Art Finder Text Detail  
Item Actions
Ratings (0)

Amida Nyorai:


Minneapolis Institute of Arts



Institution Minneapolis Institute of Arts
The Amida Nyorai was made for the Pure Land Buddhist sect during the late Heian, early Kamakura period. As an idealized and compassionate figure, its classic proportions and refinement appealed to all classes of people. Belief in the Amida Nyorai promised a chance of salvation to all worshippers in a time when most believed the world would end.
The Buddhist universe is populated by innumerable Buddhas, ruling over all times and all space. Each directional Buddha presides over a "pure land." The most famous and beloved of these is the gentle and merciful Amida, who rules the Western Paradise. Amida Buddha vowed through his endless merit and compassion to create a land into which all who accepted his saving power would be reborn. There, his devotees could accumulate enough merit to reach nirvana (extinction of the self).

Pure Land Buddhism is a simple, direct form of Buddhism. It rejects elaborate rituals and chants, propounding instead that the way to Amida's paradise lies in the fervent belief in Amida. All one has to do is chant the name of Amida ("namu Amida butsu") just once in true faith. Even said on one's deathbed (and even after a sinful life), these words will cause Amida and his attendants to swoop down and transport one up to paradise on a lotus throne (Amida Raigo). The lotus then opens up releasing the soul into a sumptuous world populated by gentle, celestial beings. Amida's mercy even allows doubters in, though they have to wait five hundred years for their lotus blossom to open.

Pure Land Buddhism in Japan
"Pure realms" were first described in Indian texts in the 3rd century B.C., but it was not until the 6th century A.D. that a distinct religion coalesced around this belief. In China during the T'ang dynasty (618-908) it became the national religion. During the mid-7th century Pure Land Buddhism was introduced into Japan. It was adopted on a vast scale during the late Heian period (late 10th to 12th centuries). Previously Esoteric Buddhism held sway, especially over the nobility. Its esteemed position rapidly faded in the rush towards Pure Land Buddhism spurred on by the notion of mappo.

Mappo (Chinese: mo-fa) is the term for a time when the understanding of Buddha's law ends, heralding in an age of degeneration and suffering. An ancient prophecy foretold that mappo was to occur beginning in the year 1052. This precise date was calculated in reference to the date of Buddha's birth, 949 B.C. (Current scholars date Buddha's life to 563-483 B.C.). The first 100 years following Buddha's death was thought to be a golden age when his law was still understood. The next 1,000 years were a period of "copied" law, where Buddha's precepts would only be understood partially. The final period was that of mappo, a period lasting 10,000 years. Mappo would finally end with the coming of Miroku (Chinese: Maitreya), the future Buddha who would save the world.

To the people of late Heian Japan, it seemed as if mappo had arrived. Successive uprisings ended the domination of the Fujiwara family, and a brutal civil war broke out. This was compounded by a series of natural disasters including famine, drought, pestilence, and disease. As the numbers of innocent victims rose in the tremendous unrest, mappo was evident in the eyes of believers. Literature of the period reveals a world view of all-encompassing human suffering and misery.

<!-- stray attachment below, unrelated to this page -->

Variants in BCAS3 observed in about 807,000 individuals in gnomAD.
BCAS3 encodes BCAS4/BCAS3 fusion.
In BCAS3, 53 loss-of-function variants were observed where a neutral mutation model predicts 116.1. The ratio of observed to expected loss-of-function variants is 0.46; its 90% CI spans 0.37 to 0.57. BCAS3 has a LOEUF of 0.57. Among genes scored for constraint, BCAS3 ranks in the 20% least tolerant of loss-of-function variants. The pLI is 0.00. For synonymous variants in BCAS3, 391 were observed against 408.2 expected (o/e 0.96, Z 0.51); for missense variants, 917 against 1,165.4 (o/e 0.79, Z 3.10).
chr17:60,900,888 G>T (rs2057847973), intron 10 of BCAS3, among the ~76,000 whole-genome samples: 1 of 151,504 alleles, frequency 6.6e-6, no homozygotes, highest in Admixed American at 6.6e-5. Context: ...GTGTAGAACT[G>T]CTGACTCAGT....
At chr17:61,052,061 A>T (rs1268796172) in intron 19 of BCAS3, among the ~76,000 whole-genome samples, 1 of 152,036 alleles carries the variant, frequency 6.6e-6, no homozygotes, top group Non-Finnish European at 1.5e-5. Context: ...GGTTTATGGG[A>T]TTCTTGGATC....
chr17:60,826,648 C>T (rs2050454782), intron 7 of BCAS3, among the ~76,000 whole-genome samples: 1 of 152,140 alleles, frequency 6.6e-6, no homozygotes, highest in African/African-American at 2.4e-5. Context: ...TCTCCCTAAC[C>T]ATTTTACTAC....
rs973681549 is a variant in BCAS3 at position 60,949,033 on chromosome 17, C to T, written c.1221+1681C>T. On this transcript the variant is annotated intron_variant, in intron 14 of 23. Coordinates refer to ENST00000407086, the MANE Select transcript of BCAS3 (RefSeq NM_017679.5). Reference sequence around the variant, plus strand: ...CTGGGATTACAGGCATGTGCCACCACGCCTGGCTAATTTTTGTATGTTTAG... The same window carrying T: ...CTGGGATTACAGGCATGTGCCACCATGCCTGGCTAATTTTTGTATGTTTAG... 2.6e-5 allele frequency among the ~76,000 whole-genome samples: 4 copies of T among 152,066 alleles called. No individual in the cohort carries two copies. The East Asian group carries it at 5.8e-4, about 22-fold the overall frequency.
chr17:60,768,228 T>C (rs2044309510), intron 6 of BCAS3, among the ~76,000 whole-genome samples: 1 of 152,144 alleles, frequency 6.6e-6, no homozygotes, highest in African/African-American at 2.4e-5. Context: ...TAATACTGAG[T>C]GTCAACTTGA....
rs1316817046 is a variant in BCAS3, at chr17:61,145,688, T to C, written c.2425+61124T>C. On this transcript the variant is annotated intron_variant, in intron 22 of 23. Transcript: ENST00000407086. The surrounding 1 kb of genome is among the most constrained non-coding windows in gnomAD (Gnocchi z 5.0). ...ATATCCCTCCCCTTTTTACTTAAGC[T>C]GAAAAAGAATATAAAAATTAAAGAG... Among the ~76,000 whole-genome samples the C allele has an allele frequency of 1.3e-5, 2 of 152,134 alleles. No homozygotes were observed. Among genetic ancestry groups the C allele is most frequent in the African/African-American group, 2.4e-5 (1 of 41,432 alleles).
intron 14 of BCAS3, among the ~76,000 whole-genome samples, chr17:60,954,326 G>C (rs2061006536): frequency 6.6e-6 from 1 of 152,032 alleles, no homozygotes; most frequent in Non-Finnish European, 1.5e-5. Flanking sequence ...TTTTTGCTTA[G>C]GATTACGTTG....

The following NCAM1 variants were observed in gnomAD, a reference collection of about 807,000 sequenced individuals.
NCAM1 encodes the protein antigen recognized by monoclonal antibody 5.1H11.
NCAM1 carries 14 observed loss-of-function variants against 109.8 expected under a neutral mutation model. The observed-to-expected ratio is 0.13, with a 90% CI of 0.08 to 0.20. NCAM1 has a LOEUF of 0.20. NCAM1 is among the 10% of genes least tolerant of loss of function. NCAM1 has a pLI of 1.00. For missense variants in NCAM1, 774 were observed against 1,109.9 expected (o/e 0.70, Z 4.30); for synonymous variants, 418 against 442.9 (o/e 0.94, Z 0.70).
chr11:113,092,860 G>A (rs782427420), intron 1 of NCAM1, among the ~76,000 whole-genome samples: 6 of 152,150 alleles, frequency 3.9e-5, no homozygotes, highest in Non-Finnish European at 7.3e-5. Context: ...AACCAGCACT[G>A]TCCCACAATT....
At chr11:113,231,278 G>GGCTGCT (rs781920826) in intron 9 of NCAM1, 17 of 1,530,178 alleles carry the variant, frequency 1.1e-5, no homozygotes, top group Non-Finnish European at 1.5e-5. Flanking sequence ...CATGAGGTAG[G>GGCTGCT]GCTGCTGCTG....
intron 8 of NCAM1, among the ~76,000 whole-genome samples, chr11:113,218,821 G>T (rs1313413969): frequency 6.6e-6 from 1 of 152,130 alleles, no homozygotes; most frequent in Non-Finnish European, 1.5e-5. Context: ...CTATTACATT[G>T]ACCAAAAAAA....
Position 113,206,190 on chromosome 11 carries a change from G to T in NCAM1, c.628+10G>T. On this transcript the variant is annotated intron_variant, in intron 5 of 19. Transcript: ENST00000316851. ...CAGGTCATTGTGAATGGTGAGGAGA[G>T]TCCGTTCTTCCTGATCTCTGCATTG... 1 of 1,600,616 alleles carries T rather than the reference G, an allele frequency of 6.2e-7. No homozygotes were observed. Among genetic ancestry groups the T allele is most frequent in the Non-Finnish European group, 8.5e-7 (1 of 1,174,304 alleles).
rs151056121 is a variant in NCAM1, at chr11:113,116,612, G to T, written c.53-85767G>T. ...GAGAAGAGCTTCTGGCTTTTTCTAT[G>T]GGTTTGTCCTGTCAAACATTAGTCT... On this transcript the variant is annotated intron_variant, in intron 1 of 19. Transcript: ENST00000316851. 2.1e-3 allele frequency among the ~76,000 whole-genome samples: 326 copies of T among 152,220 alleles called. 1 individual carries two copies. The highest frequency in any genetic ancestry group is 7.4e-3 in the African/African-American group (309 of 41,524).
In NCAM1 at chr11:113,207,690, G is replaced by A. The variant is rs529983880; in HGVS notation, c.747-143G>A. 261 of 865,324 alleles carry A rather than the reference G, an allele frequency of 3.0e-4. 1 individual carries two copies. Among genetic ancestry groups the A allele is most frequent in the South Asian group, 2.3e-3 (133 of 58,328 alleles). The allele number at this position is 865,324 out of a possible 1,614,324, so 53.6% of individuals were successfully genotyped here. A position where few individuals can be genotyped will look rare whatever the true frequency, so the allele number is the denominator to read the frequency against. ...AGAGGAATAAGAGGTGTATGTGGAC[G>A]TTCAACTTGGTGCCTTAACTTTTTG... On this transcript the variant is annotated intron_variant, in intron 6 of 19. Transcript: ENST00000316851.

The secretive, scholarly nature of Esoteric Buddhism offered little hope. As people could not "understand" Buddha's law, Pure Land Buddhism offered the simplest and fastest way to salvation. Since people could not be saved by their own efforts, they surrendered to the grace of Amida.

Pure Land Buddhism as a Mass Religion
Pure Land Buddhism appealed to all classes and types of people. The nobility learned about it through a book published by the monk Genshin (942-1017), entitled A Collection of Essentials for Birth in the Pure Land. In this book Genshin graphically described the ghastly hells and the lofty Buddhist paradises that one could be reborn into. Artists were commissioned to produce artwork that emulated his descriptions. The most famous of these is the delicate Chinese style buildings of the Byodo-in (phoenix hall) in Uji, Japan. The gardens were planted so that flowers would bloom through every season, and the trees were bedecked with colorful crystals emulating the jeweled trees of the Western Paradise.

Women, particularly noble women, were drawn to Pure Land Buddhism. Previous forms of Buddhism stated that because women were at a lower level of existence, they needed to be reborn as men before they could become enlightened. In contrast, Pure Land Buddhism welcomed women, rich or poor. In the end all one needed was faith in Amida.

Pure Land was the first form of Buddhism in Japan to actively engage and proselytize the lower classes. Preachers travelled to remote areas preaching Amidist doctrine and holding mass revival meetings, that included dancing and chanting. The simplicity of Pure Land rites made salvation available to everyone.

The MIA's Amida Nyorai probably once composed the central element of an Amida Raigo scene. Accompanied by figures of bodhisattvas and backed by an elaborate halo, it would originally have been placed on a temple altar. Amida Raigo scenes visualized the moment when Amida flanked by the bodhisattvas Kannon and Seichi would swoop down holding a lotus throne upon which the devotee would be brought to the Western Paradise.The lotus dias upon which the Amida sits is not original to the sculpture, but is like those of the period. The lotus not only serves as a throne for celestial beings, it is also used to transport souls to the Western Paradise where they will be reborn. The lotus serves as a basic symbol of Buddhism. It grows up through the mud into a lovely, pure blossom. To rise above the fetid muck of the material world and remain pure in one's spirit is the goal of the Buddhist.

Amida (Chinese: Amitabha; Sanskirt: Amitayus) means "immeasurable light" and "immeasurable lifespan." Nyorai is a Sanskrit honorific title for the Buddha, meaning "thus come," or indicating that the Buddha comes from a place which is not here.

There are eight principal and six secondary symbolic ritual hand gestures or mudras. Mudras of the Amida combine two separate meanings. The first is that of the right hand raised in An-i-in or a mudra of appeasement or fear not. It both expounds the law and reassures the viewer. "The hand (right generally) is raised, palm outward, the fingers straight, with the exception of the thumb, which touches the end of the inflected index or of the middle finger..." (Saunders 67) The MIA Amida performs the mudra with both hands, forming a circle by touching single fingers to the thumb. The circle reflects the perfect form of Buddha's law, with no beginning and no end. The second mudra is that of wish granting (segan-semui-in), with the open palm lying in the lap turned toward the outside. The combination of both mudras identifies this sculpture as an Amida or Sakyamuni Buddha.